True love. What image comes to mind?
Is it a great romance? A husband and wife, married for fifty years, have survived the plagues of living in a fallen world. She stood by him when he was unemployed and his job took him a thousand miles away from what she considered home. He provided for their children and took care of her when cancer came to call.
Since this is a “religious” blog, some readers are thinking of God’s unconditional love for us. After all, he sent his one and only son to live a perfect life and die a horrible death to open the way for eternal life.
When I think about an image of true love, the face that pops into my head is my maternal grandmother. Her name was Marjorie. We called her Gram. She was my first pen pal and one of few adults who weathered my teenage rebellion without judgment.
The picture that comes to mind:
A narrow kitchen smells of vanilla. Her gnarled hands (later I would learn they suffered from psoriatic arthritis) gripped the mixer while my sister turned the bowl. My stare never moves from the pale batter that miraculously appears when oil, water and eggs are mixed into a dry, unappetizing clump of flour.
When the mixer stops whirring, I shove the greased and floured cake tins closer. My tongue dabs against my chronically chapped lips, anticipating what comes next.
My sister wedges herself between me and the bowl of sugary goodness. I want to elbow her out of the way, but a gentle look from Gram’s pale blue-gray eyes stops me in my tracks.
Gram scrapes the batter into the tins. My eyes bulge at the river flowing equally into the pans.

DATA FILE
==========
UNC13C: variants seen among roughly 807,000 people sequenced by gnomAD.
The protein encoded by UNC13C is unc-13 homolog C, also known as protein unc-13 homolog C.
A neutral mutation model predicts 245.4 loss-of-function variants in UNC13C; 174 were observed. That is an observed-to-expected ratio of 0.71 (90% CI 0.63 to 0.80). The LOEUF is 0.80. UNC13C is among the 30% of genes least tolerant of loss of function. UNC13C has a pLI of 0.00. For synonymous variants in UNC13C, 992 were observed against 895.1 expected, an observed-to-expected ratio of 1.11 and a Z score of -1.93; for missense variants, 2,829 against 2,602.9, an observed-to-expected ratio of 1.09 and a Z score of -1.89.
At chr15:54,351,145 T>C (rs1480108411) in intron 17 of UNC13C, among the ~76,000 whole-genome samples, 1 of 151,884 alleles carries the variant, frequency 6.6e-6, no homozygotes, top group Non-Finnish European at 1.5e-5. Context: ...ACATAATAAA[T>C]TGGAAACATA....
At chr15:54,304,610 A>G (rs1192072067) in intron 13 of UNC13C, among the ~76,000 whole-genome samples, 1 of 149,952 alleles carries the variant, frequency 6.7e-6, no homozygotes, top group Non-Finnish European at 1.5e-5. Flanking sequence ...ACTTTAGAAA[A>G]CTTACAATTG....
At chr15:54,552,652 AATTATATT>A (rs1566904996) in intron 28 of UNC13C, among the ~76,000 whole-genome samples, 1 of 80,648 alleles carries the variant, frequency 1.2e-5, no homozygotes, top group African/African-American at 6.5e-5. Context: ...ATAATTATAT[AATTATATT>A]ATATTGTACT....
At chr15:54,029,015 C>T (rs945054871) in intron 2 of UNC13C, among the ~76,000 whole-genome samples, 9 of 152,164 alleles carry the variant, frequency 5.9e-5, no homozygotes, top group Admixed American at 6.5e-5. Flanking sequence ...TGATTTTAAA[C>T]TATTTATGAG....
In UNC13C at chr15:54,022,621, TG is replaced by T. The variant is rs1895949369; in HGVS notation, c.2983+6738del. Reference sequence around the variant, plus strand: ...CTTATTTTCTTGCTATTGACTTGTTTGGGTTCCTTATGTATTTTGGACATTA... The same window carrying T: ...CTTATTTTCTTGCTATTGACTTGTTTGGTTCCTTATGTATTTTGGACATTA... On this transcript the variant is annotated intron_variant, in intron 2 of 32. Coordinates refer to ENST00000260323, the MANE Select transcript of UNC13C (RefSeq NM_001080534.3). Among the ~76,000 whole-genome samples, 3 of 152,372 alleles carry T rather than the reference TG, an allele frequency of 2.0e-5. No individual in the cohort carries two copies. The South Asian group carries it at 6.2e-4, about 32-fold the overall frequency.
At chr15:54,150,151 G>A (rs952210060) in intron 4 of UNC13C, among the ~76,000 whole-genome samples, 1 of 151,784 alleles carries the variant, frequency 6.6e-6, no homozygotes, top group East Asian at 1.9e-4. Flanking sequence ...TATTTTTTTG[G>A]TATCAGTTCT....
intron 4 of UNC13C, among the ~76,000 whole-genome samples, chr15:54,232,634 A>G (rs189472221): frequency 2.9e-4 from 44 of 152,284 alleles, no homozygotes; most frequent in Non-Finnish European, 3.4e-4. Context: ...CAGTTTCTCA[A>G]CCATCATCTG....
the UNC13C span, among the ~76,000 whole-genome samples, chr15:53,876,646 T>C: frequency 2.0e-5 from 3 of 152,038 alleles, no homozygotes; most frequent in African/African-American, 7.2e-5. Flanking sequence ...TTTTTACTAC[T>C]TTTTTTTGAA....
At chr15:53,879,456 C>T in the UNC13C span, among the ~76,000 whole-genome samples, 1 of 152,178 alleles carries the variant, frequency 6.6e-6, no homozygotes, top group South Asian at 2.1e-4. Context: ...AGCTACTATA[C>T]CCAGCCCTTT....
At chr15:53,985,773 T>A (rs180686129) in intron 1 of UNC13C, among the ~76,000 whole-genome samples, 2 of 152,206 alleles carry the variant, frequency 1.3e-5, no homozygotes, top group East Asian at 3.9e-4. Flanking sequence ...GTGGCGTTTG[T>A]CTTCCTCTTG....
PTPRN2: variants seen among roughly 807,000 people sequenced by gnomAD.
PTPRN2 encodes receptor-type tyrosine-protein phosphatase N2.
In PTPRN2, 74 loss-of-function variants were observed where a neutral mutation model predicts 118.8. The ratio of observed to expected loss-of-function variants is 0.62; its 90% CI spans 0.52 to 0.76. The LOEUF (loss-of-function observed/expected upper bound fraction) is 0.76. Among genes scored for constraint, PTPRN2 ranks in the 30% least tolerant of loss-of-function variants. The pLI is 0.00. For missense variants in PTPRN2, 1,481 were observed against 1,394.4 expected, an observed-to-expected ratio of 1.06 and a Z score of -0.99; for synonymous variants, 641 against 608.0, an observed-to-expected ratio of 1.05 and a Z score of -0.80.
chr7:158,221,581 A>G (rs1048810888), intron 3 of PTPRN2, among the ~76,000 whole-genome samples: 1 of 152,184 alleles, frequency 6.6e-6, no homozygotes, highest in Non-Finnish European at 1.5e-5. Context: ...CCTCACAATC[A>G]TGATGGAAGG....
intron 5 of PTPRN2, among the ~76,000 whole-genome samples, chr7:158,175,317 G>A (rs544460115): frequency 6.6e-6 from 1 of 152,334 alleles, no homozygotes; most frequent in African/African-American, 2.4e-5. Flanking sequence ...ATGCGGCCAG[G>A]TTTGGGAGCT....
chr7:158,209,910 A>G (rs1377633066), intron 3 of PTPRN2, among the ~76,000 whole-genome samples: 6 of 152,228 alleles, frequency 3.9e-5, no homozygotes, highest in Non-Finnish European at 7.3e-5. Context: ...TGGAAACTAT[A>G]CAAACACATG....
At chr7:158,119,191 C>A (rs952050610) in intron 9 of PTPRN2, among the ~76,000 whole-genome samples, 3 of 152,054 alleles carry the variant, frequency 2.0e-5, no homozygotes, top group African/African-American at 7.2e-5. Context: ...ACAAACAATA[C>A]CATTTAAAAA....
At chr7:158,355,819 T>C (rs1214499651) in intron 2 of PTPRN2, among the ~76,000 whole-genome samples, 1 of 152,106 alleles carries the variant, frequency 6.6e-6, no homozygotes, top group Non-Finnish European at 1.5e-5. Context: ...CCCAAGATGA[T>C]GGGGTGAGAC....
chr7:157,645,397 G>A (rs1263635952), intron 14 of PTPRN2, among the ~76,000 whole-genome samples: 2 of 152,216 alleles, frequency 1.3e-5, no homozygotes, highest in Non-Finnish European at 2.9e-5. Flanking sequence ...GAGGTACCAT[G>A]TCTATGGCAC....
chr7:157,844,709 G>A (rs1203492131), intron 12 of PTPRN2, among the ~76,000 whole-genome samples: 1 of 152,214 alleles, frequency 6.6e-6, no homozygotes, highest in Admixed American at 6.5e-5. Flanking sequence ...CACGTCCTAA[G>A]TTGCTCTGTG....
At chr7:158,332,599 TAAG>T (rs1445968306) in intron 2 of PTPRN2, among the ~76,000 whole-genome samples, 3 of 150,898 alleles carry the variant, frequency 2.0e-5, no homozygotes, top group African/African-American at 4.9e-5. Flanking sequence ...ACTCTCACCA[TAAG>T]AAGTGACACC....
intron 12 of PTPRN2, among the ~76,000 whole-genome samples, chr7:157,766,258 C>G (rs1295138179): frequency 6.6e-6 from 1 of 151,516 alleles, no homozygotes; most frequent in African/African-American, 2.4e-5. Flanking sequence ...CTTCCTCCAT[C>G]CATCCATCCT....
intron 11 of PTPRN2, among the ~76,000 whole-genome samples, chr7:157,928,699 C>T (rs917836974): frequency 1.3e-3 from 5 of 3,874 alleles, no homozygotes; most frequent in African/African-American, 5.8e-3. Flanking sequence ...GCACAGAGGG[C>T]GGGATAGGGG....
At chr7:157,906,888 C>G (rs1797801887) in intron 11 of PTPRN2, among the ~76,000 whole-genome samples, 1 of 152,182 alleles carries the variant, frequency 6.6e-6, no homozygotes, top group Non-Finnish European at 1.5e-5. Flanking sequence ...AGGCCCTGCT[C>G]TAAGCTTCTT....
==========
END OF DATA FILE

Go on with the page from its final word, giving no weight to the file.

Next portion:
After shaking the pans lightly, she turns, one in each hand.
I scramble to open the oven door, moving to the side so it will swing to its fullest.
While our backs are turned, my sister picks up the spatula. Her tongue is nearly touching the treat when Gram’s hand settles on her shoulder.
As if we’re playing tag, everyone freezes at that touch.
“Didn’t you lick the bowl last time?” Gram’s question is kind but knowing.
Yes, I want to scream. But my faith in Gram is absolute. She is fair and will make sure I get what’s mine.
My sister lowers the spatula back to the bowl. I can hardly reach it since it’s pushed back, but that doesn’t matter either. Not with Gram there.
She releases the beaters from the mixer. I always thought it was magic until I got old enough to see the red button above the power switch.
After she sets the mixer aside, she hands both beaters to my sister who snatches them.
Next, she carries the bowl to the table. I follow, eager to savor every lick of the lion’s portion of remaining batter.
I remember this scene from nearly fifty years ago in full color, the scents as real as the joy in my heart. It really is the small things that make a difference.
Gram loved her girls (and I guess my boy cousins, too) and we never doubted it.
She demonstrated it through actions.
I might not remember talking about Jesus with my grandmother, but I remember seeing him in her smile. Feeling him in her hugs. Knowing his heart because I was showered with true love from my grandmother.
I hope I will be the sort of grandmother who embodies true love, too.
What is your “picture” of true love?